This Piero Fornasetti Set of Eight Porcelain Love Coasters, 1960s is no longer available.
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Each coaster has a central white heart on a gold ground. Within each heart is a saying about love framed by a different heart shaped border.
The saying or proverbs read as follows
Love is not without fear
Whate (sic) the heart thinks the mouth speaks
Who loves me well loves my dog also
Seek your salve where you got your sore (A Hand-book of Proverbs: Comprising Ray's Collection of English Proverbs ... By Henry George Bohn, John Ray, Page 482)
Love is shown by many a bitter sign (from The complete works, Volume 1
By George Noël Gordon Byron (Baron Byron), John Galt)
Love and red nose can't be hid
The new love oft chaseth out the old
Love is ne'er without jealousy.
Mark: each marked and numbered.
Reference: Fornasetti: The Complete Universe, Barnaba Fornasetti, Page 608, #139. for period photograph of protypes made by Piero Fornasetti and presented by Cerarniche di Bollate at the VIII Milan Triennale in 1947 with this designs with hearts.
About Piero Fornasetti (Designer)
The Italian artist and illustrator Piero Fornasetti was one of the wittiest and most imaginative design talents of the 20th century. He crafted an inimitable decorative style from a personal vocabulary of images that included birds, butterflies, hot-air balloons, architecture and — most frequently, and in some 500 variations — an enigmatic woman’s face based on that of the 19th-century opera singer Lina Cavalieri. Fornasetti used transfer prints of these images, rendered in the style of engravings, to decorate an endless variety of furnishings and housewares that ranged from chairs, tables and desks to dishes, lamps and umbrella stands. His work is archly clever, often surreal and always fun.
Fornasetti was born in Milan, the son of an accountant, and he lived his entire life in the city. He showed artistic talent as a child and enrolled at Milan’s Brera Academy of Fine Art in 1930, but was expelled after two years for consistently failing to follow his professors’ orders. A group of his hand-painted silk scarves, displayed in the 1933 Triennale di Milano, caught the eye of the architect and designer Gio Ponti, who, in the 1940s, became Fornasetti’s collaborator and patron. Beginning in the early 1950s, they created a striking a series of desks, bureaus and secretaries that pair Ponti’s signature angular forms with Fornasetti’s decorative motifs — lighthearted arrangements of flowers and birds on some pieces, austere architectural imagery on others. The two worked together on numerous commissions for interiors, though their greatest project has been lost: the first-class lounges and restaurants of the luxury ocean liner Andrea Doria, which sank in 1956.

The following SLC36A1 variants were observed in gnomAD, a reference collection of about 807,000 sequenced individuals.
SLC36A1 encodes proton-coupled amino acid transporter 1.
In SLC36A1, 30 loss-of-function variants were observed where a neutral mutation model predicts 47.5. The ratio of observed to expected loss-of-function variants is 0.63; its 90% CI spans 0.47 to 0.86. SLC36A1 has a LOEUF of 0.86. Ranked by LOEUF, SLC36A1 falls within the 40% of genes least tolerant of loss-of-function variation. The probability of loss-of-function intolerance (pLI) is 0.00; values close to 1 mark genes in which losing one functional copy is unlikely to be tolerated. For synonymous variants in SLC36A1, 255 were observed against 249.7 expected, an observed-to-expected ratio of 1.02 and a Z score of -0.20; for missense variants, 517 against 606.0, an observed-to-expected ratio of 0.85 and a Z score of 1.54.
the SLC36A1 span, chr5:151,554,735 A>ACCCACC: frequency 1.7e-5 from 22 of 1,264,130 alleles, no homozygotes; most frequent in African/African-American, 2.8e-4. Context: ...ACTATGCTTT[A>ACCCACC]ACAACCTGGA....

Fornasetti furnishings occupy an unusual and compelling niche in the decorative arts: they are odd yet pack a serious punch. They act, essentially, as functional sculpture. A large Fornasetti piece such as a cabinet or a desk can change the character of an entire room; his smaller works have the aesthetic power of a vase of flowers, providing a bright and alluring decorative note. The chimerical, fish-nor-fowl nature of Fornasetti’s work may be its greatest strength. It stands on its own.
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